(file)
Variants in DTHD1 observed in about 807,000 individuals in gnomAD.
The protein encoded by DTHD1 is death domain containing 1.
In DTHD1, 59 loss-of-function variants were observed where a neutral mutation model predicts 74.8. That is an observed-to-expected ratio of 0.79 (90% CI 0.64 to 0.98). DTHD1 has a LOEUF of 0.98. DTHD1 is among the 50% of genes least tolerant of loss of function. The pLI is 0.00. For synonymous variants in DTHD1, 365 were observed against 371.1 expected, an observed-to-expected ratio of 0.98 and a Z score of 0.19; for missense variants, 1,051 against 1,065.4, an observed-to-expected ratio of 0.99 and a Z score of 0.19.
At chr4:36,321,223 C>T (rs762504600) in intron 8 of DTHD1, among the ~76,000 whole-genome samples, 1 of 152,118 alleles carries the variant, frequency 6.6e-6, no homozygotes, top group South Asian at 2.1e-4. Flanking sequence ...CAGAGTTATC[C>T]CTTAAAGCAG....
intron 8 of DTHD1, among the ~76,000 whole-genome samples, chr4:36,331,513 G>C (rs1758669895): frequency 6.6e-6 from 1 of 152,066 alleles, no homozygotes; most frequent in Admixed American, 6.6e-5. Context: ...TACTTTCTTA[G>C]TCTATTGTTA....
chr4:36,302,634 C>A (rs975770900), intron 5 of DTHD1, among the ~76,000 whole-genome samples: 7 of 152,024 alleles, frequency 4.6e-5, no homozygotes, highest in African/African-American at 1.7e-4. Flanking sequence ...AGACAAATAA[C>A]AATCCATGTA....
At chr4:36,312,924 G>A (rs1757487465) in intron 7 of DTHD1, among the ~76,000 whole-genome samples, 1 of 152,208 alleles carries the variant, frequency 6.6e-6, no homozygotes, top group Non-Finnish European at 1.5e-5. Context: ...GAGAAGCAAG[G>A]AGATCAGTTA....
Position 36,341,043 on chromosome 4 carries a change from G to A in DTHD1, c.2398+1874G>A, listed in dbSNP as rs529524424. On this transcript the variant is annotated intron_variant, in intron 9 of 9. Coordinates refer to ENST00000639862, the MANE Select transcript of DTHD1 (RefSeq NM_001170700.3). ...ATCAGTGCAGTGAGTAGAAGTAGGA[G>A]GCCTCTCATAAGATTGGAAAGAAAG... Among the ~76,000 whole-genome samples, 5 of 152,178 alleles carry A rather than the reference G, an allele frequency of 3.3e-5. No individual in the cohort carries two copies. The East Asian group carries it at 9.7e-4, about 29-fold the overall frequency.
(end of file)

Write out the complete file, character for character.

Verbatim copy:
Variants in DTHD1 observed in about 807,000 individuals in gnomAD.
The protein encoded by DTHD1 is death domain containing 1.
In DTHD1, 59 loss-of-function variants were observed where a neutral mutation model predicts 74.8. That is an observed-to-expected ratio of 0.79 (90% CI 0.64 to 0.98). DTHD1 has a LOEUF of 0.98. DTHD1 is among the 50% of genes least tolerant of loss of function. The pLI is 0.00. For synonymous variants in DTHD1, 365 were observed against 371.1 expected, an observed-to-expected ratio of 0.98 and a Z score of 0.19; for missense variants, 1,051 against 1,065.4, an observed-to-expected ratio of 0.99 and a Z score of 0.19.
At chr4:36,321,223 C>T (rs762504600) in intron 8 of DTHD1, among the ~76,000 whole-genome samples, 1 of 152,118 alleles carries the variant, frequency 6.6e-6, no homozygotes, top group South Asian at 2.1e-4. Flanking sequence ...CAGAGTTATC[C>T]CTTAAAGCAG....
intron 8 of DTHD1, among the ~76,000 whole-genome samples, chr4:36,331,513 G>C (rs1758669895): frequency 6.6e-6 from 1 of 152,066 alleles, no homozygotes; most frequent in Admixed American, 6.6e-5. Context: ...TACTTTCTTA[G>C]TCTATTGTTA....
chr4:36,302,634 C>A (rs975770900), intron 5 of DTHD1, among the ~76,000 whole-genome samples: 7 of 152,024 alleles, frequency 4.6e-5, no homozygotes, highest in African/African-American at 1.7e-4. Flanking sequence ...AGACAAATAA[C>A]AATCCATGTA....
At chr4:36,312,924 G>A (rs1757487465) in intron 7 of DTHD1, among the ~76,000 whole-genome samples, 1 of 152,208 alleles carries the variant, frequency 6.6e-6, no homozygotes, top group Non-Finnish European at 1.5e-5. Context: ...GAGAAGCAAG[G>A]AGATCAGTTA....
Position 36,341,043 on chromosome 4 carries a change from G to A in DTHD1, c.2398+1874G>A, listed in dbSNP as rs529524424. On this transcript the variant is annotated intron_variant, in intron 9 of 9. Coordinates refer to ENST00000639862, the MANE Select transcript of DTHD1 (RefSeq NM_001170700.3). ...ATCAGTGCAGTGAGTAGAAGTAGGA[G>A]GCCTCTCATAAGATTGGAAAGAAAG... Among the ~76,000 whole-genome samples, 5 of 152,178 alleles carry A rather than the reference G, an allele frequency of 3.3e-5. No individual in the cohort carries two copies. The East Asian group carries it at 9.7e-4, about 29-fold the overall frequency.